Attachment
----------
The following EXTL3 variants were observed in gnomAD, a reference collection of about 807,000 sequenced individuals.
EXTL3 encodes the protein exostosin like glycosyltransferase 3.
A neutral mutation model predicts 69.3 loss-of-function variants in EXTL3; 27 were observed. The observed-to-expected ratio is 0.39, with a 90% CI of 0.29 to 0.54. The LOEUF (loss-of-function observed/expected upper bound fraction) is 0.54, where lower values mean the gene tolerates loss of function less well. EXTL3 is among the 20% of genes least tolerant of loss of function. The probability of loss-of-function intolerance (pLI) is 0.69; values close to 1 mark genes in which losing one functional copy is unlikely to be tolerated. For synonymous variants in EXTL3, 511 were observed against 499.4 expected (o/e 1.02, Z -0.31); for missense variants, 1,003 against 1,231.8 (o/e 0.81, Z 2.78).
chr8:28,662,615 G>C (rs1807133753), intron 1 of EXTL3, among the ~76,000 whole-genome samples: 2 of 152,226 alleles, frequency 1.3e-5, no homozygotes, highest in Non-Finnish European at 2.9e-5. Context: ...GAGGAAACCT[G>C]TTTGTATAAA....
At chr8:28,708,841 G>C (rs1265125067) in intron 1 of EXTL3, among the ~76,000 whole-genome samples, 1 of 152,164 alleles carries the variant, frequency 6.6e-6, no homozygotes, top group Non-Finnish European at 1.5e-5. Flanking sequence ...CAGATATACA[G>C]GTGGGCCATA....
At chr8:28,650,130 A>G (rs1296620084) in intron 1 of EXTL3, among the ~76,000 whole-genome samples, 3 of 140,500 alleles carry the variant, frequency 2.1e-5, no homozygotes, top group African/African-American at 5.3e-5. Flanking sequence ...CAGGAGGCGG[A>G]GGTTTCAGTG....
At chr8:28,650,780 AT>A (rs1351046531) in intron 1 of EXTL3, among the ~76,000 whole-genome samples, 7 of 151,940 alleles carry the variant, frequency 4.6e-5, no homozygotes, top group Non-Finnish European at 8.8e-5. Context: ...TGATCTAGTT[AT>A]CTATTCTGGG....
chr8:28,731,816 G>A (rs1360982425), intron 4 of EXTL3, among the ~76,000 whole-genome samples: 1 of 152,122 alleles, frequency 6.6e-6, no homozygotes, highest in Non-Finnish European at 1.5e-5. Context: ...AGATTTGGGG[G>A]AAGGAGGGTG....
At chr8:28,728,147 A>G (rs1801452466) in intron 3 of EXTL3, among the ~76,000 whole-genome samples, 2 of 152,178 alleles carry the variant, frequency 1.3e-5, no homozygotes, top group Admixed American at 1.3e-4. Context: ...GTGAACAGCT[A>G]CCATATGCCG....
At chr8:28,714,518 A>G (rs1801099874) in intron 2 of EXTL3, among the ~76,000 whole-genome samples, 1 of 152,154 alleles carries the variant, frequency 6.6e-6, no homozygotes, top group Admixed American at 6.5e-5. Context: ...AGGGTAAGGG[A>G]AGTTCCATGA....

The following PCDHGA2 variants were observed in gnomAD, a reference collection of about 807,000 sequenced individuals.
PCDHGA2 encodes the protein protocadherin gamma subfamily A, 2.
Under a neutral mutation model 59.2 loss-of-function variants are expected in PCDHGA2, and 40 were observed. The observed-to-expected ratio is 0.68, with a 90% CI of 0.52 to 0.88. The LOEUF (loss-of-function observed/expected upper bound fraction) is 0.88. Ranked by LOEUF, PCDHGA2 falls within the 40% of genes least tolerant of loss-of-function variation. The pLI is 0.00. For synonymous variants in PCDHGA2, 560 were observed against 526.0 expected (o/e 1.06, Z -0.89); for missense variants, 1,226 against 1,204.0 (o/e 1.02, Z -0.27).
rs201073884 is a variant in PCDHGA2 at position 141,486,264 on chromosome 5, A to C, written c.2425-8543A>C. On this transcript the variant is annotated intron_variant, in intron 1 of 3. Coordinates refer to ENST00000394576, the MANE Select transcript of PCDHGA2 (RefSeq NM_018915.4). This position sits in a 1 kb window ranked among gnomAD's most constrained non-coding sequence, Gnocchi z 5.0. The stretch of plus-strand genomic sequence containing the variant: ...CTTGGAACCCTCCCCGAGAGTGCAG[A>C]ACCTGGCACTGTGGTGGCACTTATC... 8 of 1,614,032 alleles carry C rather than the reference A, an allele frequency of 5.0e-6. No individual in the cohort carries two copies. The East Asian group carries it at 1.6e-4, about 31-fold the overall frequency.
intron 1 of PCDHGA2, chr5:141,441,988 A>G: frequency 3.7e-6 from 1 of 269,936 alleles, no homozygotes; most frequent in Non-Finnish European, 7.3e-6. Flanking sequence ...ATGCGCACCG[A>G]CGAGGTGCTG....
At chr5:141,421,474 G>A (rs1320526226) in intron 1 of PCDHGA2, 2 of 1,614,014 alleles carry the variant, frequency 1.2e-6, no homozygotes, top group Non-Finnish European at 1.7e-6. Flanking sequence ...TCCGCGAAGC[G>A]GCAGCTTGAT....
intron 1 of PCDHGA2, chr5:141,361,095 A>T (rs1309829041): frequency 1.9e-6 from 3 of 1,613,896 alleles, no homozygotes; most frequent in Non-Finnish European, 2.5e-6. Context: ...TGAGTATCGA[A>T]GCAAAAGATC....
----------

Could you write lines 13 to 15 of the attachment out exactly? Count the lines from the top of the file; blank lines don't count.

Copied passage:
Under a neutral mutation model 59.2 loss-of-function variants are expected in PCDHGA2, and 40 were observed. The observed-to-expected ratio is 0.68, with a 90% CI of 0.52 to 0.88. The LOEUF (loss-of-function observed/expected upper bound fraction) is 0.88. Ranked by LOEUF, PCDHGA2 falls within the 40% of genes least tolerant of loss-of-function variation. The pLI is 0.00. For synonymous variants in PCDHGA2, 560 were observed against 526.0 expected (o/e 1.06, Z -0.89); for missense variants, 1,226 against 1,204.0 (o/e 1.02, Z -0.27).
rs201073884 is a variant in PCDHGA2 at position 141,486,264 on chromosome 5, A to C, written c.2425-8543A>C. On this transcript the variant is annotated intron_variant, in intron 1 of 3. Coordinates refer to ENST00000394576, the MANE Select transcript of PCDHGA2 (RefSeq NM_018915.4). This position sits in a 1 kb window ranked among gnomAD's most constrained non-coding sequence, Gnocchi z 5.0. The stretch of plus-strand genomic sequence containing the variant: ...CTTGGAACCCTCCCCGAGAGTGCAG[A>C]ACCTGGCACTGTGGTGGCACTTATC... 8 of 1,614,032 alleles carry C rather than the reference A, an allele frequency of 5.0e-6. No individual in the cohort carries two copies. The East Asian group carries it at 1.6e-4, about 31-fold the overall frequency.
intron 1 of PCDHGA2, chr5:141,441,988 A>G: frequency 3.7e-6 from 1 of 269,936 alleles, no homozygotes; most frequent in Non-Finnish European, 7.3e-6. Flanking sequence ...ATGCGCACCG[A>G]CGAGGTGCTG....